REP-PP Spring 201​7 Blog: Integrity

Blogger:  Henrik Strand

Law School Year:  ​​​​2L
Placement:  Texas Commission on Environmental Quality, Austin, Texas

Meet Henrik

Why did you decide to participate in the REP-PP?
I want to participate in the REP-PP program because I am passionate about environmental policy and want to learn more about the administrative process that takes place at the Texas state level. I am excited to have an opportunity to work with policy makers in Austin and try to see the challenges inherent in the system and ways to work within the system.

What are you most excited about as your semester in the REP-PP begins?
I am excited to meet the people at my position and the people that I will work with as I hope that these are my co-workers as I graduate and start my career. I am also excited for the speaker series that the program offers to see different speakers throughout the state government to get a diverse perspective on available public policy careers.

What skills do you hope to gain from your experiences in the REP-PP?

I hope to gain practical experience in drafting and working with policy makers as well as networking skills and relationships that I can carry into my career.

How do you think this opportunity will help you develop as a lawyer?

I think this opportunity will help me learn on-the-job skills that are hard to learn in the classroom which will translate well into a public interest career, such as writing recommendation statements, reviewing government contracts, and other policy related documents.

How does your participation in the REP-PP demonstrate the Aggie Core Values?
(Excellence, Integrity, Leadership, Loyalty, Respect, Selfless Service)
This program requires excellence in personal responsibility, as we will be ambassadors of the school in Austin. The program also requires selfless service as the program focuses on public service and I would like to be a public servant as my career continues.

What are your personal goals for your semester in the REP-PP?
My personal goals are to work hard and make a good impression for myself on the people I work for and to represent the school with aplomb to continue the relationship that I will create between the agency and the school so more Aggies can get the position that I will have this coming spring.

Henrik StrandWhen I looked up the definition of integrity as a prompt for writing this reflection, the first definition that came up was “the quality of being honest and having strong moral principles; moral uprightness.” This encompasses what we all think of as integrity: honesty in the face of negative pressure; the high road over the low; sincerity even when it is uncomfortable. However, this well known definition is not what I am going to spend most of my time on in this post. Indeed, it is important for Aggies to be honest and sincere in their professional and personal lives, and moral integrity is important for personal gratification and advancement. But this second definition for integrity was the one that really struck me when I read it: “the state of being whole and undivided; unity, coherence, cohesion, togetherness, solidarity.”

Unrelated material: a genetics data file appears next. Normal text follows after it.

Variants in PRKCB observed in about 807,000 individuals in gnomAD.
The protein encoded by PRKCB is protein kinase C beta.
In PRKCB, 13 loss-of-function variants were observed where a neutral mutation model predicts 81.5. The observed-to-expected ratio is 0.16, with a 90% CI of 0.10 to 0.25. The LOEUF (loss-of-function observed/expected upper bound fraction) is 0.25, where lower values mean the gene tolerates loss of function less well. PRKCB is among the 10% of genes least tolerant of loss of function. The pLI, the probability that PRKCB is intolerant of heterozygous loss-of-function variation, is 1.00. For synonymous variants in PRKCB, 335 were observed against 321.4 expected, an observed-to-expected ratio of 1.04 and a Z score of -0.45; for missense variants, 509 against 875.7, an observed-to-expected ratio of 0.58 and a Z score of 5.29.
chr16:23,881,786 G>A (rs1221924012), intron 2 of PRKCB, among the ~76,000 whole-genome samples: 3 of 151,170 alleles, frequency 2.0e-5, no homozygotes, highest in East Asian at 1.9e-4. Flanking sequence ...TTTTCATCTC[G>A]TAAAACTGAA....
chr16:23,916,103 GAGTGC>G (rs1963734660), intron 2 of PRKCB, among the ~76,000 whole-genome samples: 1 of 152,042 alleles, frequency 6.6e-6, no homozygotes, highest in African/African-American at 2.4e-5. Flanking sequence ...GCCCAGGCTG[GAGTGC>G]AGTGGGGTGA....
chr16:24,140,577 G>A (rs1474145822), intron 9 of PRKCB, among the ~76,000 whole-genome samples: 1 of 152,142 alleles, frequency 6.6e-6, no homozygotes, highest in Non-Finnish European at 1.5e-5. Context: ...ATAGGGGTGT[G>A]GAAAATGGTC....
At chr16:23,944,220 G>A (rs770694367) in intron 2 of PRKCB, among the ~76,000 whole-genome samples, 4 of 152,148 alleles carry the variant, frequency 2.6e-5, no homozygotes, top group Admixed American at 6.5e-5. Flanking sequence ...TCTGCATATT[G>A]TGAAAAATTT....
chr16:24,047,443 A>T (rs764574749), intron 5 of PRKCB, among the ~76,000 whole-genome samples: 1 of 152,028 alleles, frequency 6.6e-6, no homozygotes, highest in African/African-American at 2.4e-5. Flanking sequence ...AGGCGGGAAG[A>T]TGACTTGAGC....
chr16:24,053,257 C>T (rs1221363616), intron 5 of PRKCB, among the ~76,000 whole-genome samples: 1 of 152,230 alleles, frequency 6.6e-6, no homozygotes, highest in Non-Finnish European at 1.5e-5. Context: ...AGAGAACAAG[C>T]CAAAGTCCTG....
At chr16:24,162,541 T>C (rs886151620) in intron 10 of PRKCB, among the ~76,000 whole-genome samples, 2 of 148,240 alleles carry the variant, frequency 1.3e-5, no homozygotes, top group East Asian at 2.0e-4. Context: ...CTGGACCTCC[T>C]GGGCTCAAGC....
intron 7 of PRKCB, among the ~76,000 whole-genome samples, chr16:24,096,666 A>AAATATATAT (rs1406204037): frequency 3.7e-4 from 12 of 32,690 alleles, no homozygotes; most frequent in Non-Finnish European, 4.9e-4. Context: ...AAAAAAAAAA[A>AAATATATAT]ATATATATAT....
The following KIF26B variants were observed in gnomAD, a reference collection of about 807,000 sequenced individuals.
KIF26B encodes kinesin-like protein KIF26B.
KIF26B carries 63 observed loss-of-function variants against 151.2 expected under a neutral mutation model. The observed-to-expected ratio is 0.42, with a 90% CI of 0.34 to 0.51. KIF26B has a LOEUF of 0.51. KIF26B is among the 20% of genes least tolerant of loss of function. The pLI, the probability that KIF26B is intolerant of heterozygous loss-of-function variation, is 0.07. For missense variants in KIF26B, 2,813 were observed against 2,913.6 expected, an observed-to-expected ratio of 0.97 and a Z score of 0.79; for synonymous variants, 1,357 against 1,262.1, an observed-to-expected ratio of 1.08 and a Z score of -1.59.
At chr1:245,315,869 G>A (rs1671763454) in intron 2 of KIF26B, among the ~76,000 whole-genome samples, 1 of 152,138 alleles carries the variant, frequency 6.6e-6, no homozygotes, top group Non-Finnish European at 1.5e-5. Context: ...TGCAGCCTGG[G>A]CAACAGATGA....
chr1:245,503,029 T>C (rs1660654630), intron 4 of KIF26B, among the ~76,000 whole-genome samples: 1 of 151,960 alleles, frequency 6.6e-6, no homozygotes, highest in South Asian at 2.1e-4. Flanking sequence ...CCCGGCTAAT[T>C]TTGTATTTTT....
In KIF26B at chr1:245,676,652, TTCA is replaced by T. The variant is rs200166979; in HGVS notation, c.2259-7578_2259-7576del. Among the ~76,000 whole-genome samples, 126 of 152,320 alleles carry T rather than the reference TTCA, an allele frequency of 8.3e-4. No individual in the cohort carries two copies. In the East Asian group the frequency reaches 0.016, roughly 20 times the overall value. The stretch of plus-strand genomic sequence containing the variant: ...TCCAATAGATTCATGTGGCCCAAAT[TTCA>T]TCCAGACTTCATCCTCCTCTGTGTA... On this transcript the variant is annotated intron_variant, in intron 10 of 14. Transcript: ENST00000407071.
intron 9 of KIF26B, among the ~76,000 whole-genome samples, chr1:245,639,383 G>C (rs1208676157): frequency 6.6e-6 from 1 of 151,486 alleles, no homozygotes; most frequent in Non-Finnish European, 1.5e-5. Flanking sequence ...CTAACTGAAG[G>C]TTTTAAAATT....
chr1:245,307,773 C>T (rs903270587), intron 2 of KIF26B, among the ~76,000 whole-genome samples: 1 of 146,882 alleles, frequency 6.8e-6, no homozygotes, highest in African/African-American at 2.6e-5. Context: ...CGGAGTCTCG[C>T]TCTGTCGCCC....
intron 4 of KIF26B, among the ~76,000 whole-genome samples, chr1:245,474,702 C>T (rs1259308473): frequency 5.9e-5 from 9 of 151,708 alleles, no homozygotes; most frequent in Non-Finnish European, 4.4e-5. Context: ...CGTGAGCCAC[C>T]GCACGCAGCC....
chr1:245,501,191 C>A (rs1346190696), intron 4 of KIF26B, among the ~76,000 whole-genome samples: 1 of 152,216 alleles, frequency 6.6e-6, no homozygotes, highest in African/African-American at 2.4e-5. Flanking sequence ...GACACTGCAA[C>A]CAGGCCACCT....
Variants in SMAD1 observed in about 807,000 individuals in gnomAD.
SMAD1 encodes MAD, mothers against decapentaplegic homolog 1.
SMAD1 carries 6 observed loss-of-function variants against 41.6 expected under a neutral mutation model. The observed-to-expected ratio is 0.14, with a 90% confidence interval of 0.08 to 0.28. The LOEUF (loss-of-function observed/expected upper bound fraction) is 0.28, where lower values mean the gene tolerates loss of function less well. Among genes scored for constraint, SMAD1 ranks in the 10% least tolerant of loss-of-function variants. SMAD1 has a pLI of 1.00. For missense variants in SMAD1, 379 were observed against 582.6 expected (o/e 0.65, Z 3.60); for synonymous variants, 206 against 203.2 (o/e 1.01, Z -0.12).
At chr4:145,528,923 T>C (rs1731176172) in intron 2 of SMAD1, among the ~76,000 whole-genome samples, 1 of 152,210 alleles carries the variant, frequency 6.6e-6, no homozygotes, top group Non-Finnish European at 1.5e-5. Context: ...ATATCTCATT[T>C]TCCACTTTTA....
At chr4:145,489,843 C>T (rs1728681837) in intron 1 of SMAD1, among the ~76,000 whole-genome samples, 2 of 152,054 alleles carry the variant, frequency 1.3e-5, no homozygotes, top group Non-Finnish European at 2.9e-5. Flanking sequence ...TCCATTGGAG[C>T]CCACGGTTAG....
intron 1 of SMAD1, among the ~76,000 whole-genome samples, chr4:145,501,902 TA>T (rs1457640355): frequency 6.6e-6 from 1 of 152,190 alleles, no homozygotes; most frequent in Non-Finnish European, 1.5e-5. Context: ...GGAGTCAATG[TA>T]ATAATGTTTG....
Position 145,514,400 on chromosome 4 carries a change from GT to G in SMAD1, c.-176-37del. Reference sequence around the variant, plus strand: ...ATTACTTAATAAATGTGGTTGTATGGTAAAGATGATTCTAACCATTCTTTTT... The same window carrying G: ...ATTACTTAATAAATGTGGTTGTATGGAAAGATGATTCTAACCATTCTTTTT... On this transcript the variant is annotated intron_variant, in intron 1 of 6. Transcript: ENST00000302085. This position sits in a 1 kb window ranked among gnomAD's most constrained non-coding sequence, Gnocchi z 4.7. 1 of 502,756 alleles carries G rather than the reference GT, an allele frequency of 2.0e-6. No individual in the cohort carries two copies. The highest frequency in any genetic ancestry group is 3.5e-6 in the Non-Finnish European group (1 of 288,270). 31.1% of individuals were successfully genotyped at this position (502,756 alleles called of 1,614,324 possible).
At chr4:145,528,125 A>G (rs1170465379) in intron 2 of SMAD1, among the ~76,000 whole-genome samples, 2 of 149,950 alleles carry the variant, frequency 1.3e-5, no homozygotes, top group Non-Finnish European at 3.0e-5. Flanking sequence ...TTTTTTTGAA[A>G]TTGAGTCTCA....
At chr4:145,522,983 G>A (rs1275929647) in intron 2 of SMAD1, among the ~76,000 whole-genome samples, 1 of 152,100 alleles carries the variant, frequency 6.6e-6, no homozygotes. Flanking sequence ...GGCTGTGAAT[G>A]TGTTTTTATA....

It is this type of integrity that keeps Aggies’ arms locked during singings of the alma mater. It is this type of integrity that stirs up images of the 12th Man, standing steadfast with his team if he was needed. It is not so easy to be a unified whole: Just look at our national political system and the division not only over the recent presidential election but the current fight over Cabinet appointments. Recent documentaries like O.J.: Made in America or I Am Not Your Negro exemplify the racial and sociopolitical divide that still exists within our country. In many ways, our country is more divided than ever. This is why the integrity between the leadership of the TCEQ (Texas Commission on Environmental Quality) is all the more impressive during these trying times in our society.

During my time at the TCEQ, I have witnessed the true team that all of the staff is on a daily basis. Through organization-wide team events like the chili cook-off, which I participated in, brining together all the different departments of the TCEQ, who employs thousands of employees, for a few hours over Texas’ “national” dish. While I was chided a few times for my particular chili having beans—and chicken—I always felt like I was a part of a team, a solidified community of people working hard to protect Texas for future generations. This community approach led me to meet some fellow young professional working in the water division that I would never have met otherwise who have become some of my personal friends out of work.

Possibly the most impressive part of this event was how one of the winners were chosen. First, there was a blind taste-testing of all the different chilies to pick the overall winner. Then, there was a second award, called the “peoples’ choice award,” which went to the chili that attracted the most donations from the crowd. I felt this award continued to show the great community that was created coming together to support charity with our donations for our co-workers culinary creations.

When I worked as a chef at home and abroad, I have always been amazed at the transformative power that food has over any racial or political divisions. I once read a book about North Carolina BBQ that explained that the only day where African-Americans and whites would eat and celebrate together was over the celebratory BBQs at the end of the long tobacco-drying season. Food allows people to overcome their personal hang-ups and divisions to focus on what is important -- community sustenance. And in its own little way, the TCEQ’s chili cook-off embodies this idea of community created though cooking. It is good to see that at least one governmental agency is still holding up the Aggie value of integrity, and I am proud to be a part of it, at least for this one glorious semester.